The Struggle of the Chamoru people
Sent around by Hannah Middleton, IWYRAW email, 28.5.08.
The Chamoru people of Guam (indigenous name Guahan) have resisted the take over their land and waters since the arrival of Europeans in 1668. They are not prepared to give up that struggle.
In October 2006, a delegation of young Chamoru stood before the United Nations’ Special Political and Decolonisation Committee and demanded that they “hold the United States accountable, as Guahan’s administering power, to its moral and legal responsibilities to ensure the ... right to self-determination of the native Chamoru people” and put an end to the “massive US military build-up [which] hinders the right of Chamorus to decolonization and violates the human rights of all people from Guahan”.
Militarisation of the Pacific U.S. militarisation of the north-west Pacific is anchored around the small island of Guahan east of the Philippines. Guahan is only four hours' flying time from China or North Korea.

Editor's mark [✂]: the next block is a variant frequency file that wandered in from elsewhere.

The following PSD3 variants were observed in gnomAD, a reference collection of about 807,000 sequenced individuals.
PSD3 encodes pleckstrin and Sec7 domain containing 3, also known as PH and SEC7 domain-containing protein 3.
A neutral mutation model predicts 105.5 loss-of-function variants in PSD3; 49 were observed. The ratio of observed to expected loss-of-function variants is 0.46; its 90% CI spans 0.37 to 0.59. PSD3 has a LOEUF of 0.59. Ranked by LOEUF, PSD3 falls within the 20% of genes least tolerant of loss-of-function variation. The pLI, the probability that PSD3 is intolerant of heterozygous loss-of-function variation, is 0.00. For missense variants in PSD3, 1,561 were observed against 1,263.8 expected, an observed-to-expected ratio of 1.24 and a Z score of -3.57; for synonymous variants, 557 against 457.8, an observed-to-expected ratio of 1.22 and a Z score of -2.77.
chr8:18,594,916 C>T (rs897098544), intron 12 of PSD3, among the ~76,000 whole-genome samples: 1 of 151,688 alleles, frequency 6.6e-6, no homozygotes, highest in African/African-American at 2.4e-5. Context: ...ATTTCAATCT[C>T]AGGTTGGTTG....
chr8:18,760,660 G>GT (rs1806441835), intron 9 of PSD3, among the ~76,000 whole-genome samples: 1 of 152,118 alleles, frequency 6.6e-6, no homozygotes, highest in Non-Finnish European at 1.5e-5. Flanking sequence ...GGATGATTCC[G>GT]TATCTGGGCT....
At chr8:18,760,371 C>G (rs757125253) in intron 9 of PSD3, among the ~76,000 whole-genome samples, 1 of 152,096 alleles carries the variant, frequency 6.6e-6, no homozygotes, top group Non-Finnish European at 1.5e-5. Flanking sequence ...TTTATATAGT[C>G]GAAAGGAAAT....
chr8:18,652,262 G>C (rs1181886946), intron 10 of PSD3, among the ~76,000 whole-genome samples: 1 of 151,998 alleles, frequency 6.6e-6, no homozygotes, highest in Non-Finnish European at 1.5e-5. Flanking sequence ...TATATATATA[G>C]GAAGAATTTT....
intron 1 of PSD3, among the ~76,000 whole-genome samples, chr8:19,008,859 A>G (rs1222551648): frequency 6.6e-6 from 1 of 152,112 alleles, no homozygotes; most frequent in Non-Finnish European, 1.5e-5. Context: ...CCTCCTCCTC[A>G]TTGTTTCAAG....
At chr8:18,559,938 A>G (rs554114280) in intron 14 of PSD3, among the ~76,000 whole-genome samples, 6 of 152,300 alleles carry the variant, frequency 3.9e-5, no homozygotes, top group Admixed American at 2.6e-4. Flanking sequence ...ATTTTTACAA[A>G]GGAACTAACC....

In addition to massive upgrading of facilities and increased deployments of planes, submarines and other equipment, the US and Japan have agreed to move 8,000 Marines to Guahan from Okinawa by 2014. The build-up means a total increase in Guahan's current 170,000 population of 35,000.
The link with Australia Australia’s military alliance with the United States allows US Air Force planes from Guam to fly across our country for exercises and use bombing ranges here. The alliance makes us complicit in the denial of Chamoru indigenous rights and in the threat to regional peace and security posed by the militarisation of Guahan.
In addition, the Australian Defence Force participates in various military exercises with US forces based in Guahan and ADF elements visit and/or transit through Guahan during these war games.